Debunking The Study, Study, Study Myth
Some people think that ramming information into their brain over and over again is the best way to learn it. That’s the equivalent of hitting your head with a hammer.
Studying the same information over and over again has its limits. Newer research shows that the missing ingredient to many study routines is practice with retrieval (Karpicke, 2012).
What is retrieval?
Retrieval is the process of recovering knowledge and information from long-term memory, where it was encoded for just such a purpose. Retrieval is instigated by a retrieval cue, which is a query, experience or event that activates associated knowledge.
Importance of the Retrieval Cue
Retrieval cues are important because they are the key that unlocks the information. Imagine a newly graduated class of emergency medical workers. They all passed the test, but how many of them will be able to recall the specific knowledge required to handle a unique emergency situation? Only those who have the appropriately fine-tuned retrieval cues available can recover the necessary information.
Is it really that simple?
Actually, no. Retrieval isn’t quite that simple. In his article, Retrieval-based Learning, associate professor Jeffrey Karpicke states, “People do not store static, exact copies of experiences that are reproduced verbatim at retrieval. Instead, knowledge is actively reconstructed on the basis of the present context and available retrieval cues.”
How Retrieval Enhances Learning and Retention
A memory is reconstructed in the moment, depending on interactions of context, retrieval cues, and memory processes themselves. This flexibility gives us the ability to apply our knowledge to a variety of situations.
It is this very act of reconstruction that makes retrieval so important. Retrieval appears to modify the memory in anticipation of how we might need it in the future. It seems to fine-tune the correspondence between cue and matching knowledge. Repeated retrieval may also limit the set of information that is sorted through to find an answer.
The Little Known Formula for Long-term Retention
Retrieval-based learning appears to be an underused strategy for long-term retention. It involves repeatedly recalling information across multiple study and recall sessions. Interestingly, this technique does not appear to take more time than re-studying material.
In one study of college students who were given a text to read, practicing retrieval one time doubled their long-term retention when compared to the group that simply read the text once with no recall. The group that practiced repeated retrieval increased retention to 80% (Karpicke, 2012; McDaniel, Howard, & Einstein, 2009).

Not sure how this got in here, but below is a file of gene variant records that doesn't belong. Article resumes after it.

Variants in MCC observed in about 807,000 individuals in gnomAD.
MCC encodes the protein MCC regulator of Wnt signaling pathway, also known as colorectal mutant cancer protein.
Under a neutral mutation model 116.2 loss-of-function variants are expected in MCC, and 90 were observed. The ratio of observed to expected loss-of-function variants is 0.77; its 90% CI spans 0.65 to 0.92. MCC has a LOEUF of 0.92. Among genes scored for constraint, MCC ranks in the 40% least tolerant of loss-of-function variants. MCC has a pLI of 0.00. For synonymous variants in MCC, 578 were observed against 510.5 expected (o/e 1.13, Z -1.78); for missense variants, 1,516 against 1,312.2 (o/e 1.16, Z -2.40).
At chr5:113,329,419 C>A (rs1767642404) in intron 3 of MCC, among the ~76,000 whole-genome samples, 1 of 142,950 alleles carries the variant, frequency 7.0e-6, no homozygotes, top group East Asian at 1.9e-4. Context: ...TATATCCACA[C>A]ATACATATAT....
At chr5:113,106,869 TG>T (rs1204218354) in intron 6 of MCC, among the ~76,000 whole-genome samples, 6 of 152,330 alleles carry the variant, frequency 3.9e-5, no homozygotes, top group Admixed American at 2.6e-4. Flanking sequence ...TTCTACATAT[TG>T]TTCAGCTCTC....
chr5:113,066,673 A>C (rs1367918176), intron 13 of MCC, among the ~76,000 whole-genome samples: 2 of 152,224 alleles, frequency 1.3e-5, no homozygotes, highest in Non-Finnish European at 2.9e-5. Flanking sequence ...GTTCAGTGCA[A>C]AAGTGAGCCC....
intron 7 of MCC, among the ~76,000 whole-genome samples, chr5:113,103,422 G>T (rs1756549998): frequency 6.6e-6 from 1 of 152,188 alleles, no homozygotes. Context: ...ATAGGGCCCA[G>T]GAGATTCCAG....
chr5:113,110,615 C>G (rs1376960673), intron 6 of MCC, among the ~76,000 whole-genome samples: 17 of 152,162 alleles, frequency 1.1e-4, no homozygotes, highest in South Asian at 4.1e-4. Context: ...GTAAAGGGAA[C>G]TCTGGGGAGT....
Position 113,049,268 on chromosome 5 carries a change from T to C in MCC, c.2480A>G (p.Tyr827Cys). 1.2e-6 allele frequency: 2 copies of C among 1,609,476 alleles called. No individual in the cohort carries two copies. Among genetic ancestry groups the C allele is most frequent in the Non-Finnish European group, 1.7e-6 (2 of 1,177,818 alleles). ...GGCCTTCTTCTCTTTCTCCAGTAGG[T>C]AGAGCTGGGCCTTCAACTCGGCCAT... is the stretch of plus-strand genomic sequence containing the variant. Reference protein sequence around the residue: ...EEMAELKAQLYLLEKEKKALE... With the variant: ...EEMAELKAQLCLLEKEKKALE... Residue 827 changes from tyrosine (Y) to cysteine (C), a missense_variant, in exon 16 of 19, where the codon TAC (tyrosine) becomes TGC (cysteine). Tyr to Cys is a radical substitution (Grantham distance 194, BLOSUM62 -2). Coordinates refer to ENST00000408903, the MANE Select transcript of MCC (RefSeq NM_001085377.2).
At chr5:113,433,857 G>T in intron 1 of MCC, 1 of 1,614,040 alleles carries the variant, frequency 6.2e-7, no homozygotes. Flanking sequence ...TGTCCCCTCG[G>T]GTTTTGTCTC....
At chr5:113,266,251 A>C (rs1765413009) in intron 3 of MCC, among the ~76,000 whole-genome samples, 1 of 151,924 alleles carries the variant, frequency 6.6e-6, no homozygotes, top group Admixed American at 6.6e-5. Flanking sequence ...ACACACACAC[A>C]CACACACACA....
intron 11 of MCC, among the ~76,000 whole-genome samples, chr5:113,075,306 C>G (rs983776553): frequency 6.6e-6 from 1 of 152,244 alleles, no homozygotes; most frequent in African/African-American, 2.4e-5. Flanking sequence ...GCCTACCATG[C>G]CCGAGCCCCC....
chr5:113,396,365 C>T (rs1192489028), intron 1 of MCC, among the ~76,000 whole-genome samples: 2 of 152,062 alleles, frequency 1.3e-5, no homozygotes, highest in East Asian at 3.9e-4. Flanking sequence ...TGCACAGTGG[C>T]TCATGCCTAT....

Retrieval-based Learning in the Workplace
In the world of adult learning, there are many jobs that require remembering vast amounts of information. Retrieval-based learning could be an effective strategy.
Consider all the responsibilities that involve quick decision-making, when there isn’t time to seek external support. Consider all the people who have entered a new position prematurely, before they were fully prepared. Also consider all the workers who simply have no means of external support and must remember everything.
Here are some strategies that learning experience designers can use to facilitate retrieval-based learning.
- Enhance metacognition. Many people predict that if they simply re-study material it will increase retention. This is not the most effective approach. Help learners see that a more effective strategy for enhancing learning and long-term retention is to repeatedly practice recalling the information one has studied (Karpicke, 2012).
- Practice with real-world scenarios. Studies show the importance of context in retrieval. When participants repeatedly retrieve knowledge in a testing environment, they perform better on the test. It makes sense then that if recovering and reconstructing knowledge is tied to context, increasing retrieval during a wide range of simulations or real-world scenarios should have a similar effect.
- Provide multiple self-checks and exercises. Since repeated recall has been shown to increase long-term retention, provide multiple opportunities for learners to test themselves for critical information, even when they have proven they know the material. Of course, most learners would not bother with a second self-check activity unless they were informed about the effectiveness of retrieval-based learning.
- Provide opportunities for group discussions. After a learning event, take advantage of discussions (either online or in-person) that facilitate the recall of critical knowledge. Do this with focused questioning.
What has your experience been as a learner or designer with retrieval-based learning? Comment below.
- Karpicke, Jeffrey D., Retrieval-Based Learning: Active Retrieval Promotes Meaningful Learning. Current Directions in Psychological Science 2012 21: 157
- Karpicke, J. D. & Roediger, H. L., Repeated retrieval during learning is the key to long-term retention. Journal of Memory and Language, 2007 57: 151-162.
- McDaniel, M. A., Howard, D. C., & Einstein, G. O., The read-recite-review study strategy: Effective and portable. Psychological Science, 2009: 20, 516–522.
- Roediger, H. L. (2000). Why retrieval is the key process in understanding human memory. In E. Tulving (Ed.), Memory, consciousness, and the brain: The Tallinn conference (pp. 52–75). Philadelphia, PA: Psychology Press.
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